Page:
Breaking the vicious cycle starts with a business mindset change…
That gifts and chocolates’ website isn’t alone. Globally, 88% of companies are facing similar challenges today and want to invest more in customer experience. The lost sales and overflow of contacts and claims at customer care centers by disappointed clients outweigh by far the increasing efforts from CRM and Loyalty teams to retain and grow existing customers.
Data synchronization and flow is one major key to that problem. Prior to that however, companies need to rethink their overall distribution, reporting and compensation strategies to cope with this new reality. A single financial reporting of sales (unrelated to channels) is what H&M has opted for, while Decathlon, the worldwide leader in Sporting and Outdoor equipment, looks at their revenues at a DMA level. Cosmetics leader L’Oreal has engaged into efforts to have a single view of their customers across brands and divisions to understand what share of their beauty wallet they are capturing across their entire product range.
… and Data is the key enabler
From an IT and Data perspective, companies need to rethink their architecture and localize core product, customer and sales & marketing data in a middle layer that synchronizes real-time with back-office repositories and any front-office end-customer touchpoint. This “headless” architecture is the only way to cope with future change while ensuring that systems and processes maintenance and evolutions are kept at a reasonable cost. From an end-customer standpoint, it allows buyers to access products regardless of where the inventory sits, shop on the moment or across several days using all companies channels and formats, check-out once indifferently of where products are located and how they are delivered and provide them with the most effective customer care solutions after their order are placed. Companies like Proximis have invested for years in R&D to be able to provide such platforms and have enabled major retail transformational programs in less than a year. Ecommerce providers like Shopify & Magento or POS systems leaders such as Cegid & Square are trying their best to get there. And by there, I mean Unified Commerce.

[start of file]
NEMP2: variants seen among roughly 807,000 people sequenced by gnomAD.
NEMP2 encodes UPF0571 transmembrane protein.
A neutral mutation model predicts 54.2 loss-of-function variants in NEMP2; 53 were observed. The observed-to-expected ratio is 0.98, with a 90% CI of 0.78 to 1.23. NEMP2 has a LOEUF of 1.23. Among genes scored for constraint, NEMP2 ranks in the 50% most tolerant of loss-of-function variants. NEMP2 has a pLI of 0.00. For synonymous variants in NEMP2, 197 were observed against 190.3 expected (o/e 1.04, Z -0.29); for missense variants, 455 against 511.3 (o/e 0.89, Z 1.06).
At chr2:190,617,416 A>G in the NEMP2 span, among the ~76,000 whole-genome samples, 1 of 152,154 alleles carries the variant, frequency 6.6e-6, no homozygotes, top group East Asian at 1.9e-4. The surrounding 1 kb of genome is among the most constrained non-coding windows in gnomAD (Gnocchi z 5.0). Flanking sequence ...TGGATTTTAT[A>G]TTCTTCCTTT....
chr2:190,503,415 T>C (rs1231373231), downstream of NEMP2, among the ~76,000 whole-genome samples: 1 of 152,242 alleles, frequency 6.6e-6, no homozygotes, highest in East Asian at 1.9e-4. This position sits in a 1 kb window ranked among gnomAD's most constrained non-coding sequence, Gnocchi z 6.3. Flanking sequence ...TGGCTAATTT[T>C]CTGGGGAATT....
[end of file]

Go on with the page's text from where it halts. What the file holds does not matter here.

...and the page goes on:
Unified Commerce is the future of retail
Not only does Unified Commerce eradicate the frictions across channels and potentially business models within an organization, it is the only true path to some of the ideals that businesses have been chasing for years: a consistent brand promise delivered across all touchpoints, seamless customer experience, personalization at scale, a single view of the customer, effective Sales & Marketing strategies and clean, customer-driven and actionable financial reporting.
Unified Commerce is not a utopia: it’s a CEO-sponsored project that requires the involvement of all key stakeholders in the organization (Finance, Sales, Operations, Marketing, Data, Digital and IT). It’s a mindset and business-model shift powered by data, and certainly the best change management tool a retail organization can dream of.
For the sake of simplicity (i.e. checking out once) and making sure that my gifts would be delivered on time to my mom, I ended up ordering on Amazon. Again. For the 49th time in the last 6 months.
Retailers, help us help you. Do engage in your Unified Commerce transformation and growth will meet you at the end of the journey.